Tags: Art, Pompeii, Visual, 02.26.21

How Museums Use Consultants To Hide Behind Their Biggest Problems

“Consultants are hired to tell museums the truth,” says Adrienne Horn, the president of Museum Management Consultants and a former executive board member for the American Association of Museums. But a series of missteps and hollow promises from institutions that have relied on third-party advice are bringing new scrutiny to the influx of for-profit strategies in a nonprofit world. – Artnet
Tags: Art, Visual, American Association of Museums, 02.25.21, Adrienne Horn, Museum Management Consultants

Rajie Cook, Who Designed The Pictograms We See Everywhere, Dead At 90

“In 1974 Cook & Shanosky Associates, a design firm started by Mr. Cook and Don Shanosky a few years earlier, won a contract to develop a set of symbols that could be universally understood, and that would efficiently convey the kinds of information people in a public place might need. … The signage the two came up with, 34 pictographs (with others added later), is still in use today.” Later in life, he became an “art activist” making sculptural assemblages. – The New York Times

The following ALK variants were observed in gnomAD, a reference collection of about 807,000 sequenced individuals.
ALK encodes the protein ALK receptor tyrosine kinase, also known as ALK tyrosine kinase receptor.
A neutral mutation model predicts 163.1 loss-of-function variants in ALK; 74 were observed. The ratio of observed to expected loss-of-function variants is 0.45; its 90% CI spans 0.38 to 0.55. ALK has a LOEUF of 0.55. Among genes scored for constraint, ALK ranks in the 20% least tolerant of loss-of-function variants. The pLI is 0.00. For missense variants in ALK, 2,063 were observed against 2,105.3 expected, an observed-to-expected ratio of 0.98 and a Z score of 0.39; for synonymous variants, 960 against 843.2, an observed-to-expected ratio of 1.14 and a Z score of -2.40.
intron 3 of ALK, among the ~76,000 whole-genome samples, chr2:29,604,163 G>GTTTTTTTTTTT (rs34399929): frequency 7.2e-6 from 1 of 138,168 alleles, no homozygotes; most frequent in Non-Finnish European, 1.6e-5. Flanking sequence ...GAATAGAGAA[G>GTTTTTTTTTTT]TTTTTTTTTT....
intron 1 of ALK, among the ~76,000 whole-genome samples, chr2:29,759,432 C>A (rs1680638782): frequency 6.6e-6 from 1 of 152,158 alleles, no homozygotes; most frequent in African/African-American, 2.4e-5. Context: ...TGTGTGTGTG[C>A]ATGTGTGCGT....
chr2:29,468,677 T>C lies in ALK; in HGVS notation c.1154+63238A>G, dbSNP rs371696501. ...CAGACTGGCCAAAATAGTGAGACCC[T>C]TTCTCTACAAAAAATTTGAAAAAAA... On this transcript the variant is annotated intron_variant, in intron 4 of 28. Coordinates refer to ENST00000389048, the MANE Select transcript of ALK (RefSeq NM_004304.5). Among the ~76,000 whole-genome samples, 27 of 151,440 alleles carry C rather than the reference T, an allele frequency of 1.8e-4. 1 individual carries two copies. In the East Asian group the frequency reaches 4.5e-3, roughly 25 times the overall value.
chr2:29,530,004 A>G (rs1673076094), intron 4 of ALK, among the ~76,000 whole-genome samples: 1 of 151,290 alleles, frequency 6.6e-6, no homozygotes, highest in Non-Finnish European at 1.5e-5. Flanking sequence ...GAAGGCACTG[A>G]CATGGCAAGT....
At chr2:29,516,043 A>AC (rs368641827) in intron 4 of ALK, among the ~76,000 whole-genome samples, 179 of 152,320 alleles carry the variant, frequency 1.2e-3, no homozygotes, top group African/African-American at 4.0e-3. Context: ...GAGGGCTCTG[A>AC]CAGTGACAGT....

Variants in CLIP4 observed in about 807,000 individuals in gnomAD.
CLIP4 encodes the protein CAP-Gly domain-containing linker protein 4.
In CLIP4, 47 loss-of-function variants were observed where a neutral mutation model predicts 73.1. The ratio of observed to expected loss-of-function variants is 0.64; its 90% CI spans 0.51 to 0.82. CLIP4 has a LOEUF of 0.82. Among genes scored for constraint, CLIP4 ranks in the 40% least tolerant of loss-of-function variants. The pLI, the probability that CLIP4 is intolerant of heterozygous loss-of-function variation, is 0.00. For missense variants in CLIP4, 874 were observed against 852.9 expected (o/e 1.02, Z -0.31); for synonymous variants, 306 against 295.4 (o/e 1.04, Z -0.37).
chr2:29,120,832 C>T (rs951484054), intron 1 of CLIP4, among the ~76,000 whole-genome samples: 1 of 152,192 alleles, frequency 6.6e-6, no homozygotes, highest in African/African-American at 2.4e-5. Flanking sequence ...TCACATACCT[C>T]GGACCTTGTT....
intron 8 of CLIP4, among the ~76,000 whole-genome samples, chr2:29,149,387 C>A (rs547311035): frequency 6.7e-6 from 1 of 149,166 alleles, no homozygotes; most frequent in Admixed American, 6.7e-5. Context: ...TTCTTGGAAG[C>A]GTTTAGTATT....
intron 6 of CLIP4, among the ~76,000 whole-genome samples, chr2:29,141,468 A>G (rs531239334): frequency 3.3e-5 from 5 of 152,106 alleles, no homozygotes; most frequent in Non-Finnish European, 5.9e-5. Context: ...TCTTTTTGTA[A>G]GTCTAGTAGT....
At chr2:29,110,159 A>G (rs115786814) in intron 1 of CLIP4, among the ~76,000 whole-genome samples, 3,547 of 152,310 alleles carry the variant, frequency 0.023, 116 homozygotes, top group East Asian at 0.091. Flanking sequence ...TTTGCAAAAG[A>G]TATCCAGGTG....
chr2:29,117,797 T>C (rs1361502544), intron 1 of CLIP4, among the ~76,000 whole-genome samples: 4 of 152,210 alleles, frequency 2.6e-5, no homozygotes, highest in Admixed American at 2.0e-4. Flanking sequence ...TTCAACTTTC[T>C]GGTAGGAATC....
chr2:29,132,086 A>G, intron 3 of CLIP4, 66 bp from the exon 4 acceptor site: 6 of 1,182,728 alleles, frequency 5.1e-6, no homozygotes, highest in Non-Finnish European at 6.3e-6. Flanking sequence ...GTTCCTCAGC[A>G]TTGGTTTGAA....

Tags: Art, Cook, People, 02.25.21, Rajie Cook, Cook Shanosky Associates, Don Shanosky

The History Of ‘Madama Butterfly’ In Japan

“It was not the ‘alien’ music that disturbed the Japanese audience” at the Tokyo premiere in 1914 (there had been a Western music school in the city since 1890), “but the threat to traditional hierarchies between men and women. Later, in the 1930s, feminist writers such as Ichiko Kamichika and Akiko Yosano criticised the opera for promoting a ‘victim’ like Butterfly as something of a Japanese ‘paragon’. Somewhat ironically, Butterfly thus proved to be an effective catalyst for the emergence of ...
Tags: Art, Music, Japan, Tokyo, Madama Butterfly, Akiko Yosano, 03.03.21, Ichiko Kamichika

How Novels Can Help Plan Our Way Through COVID Recovery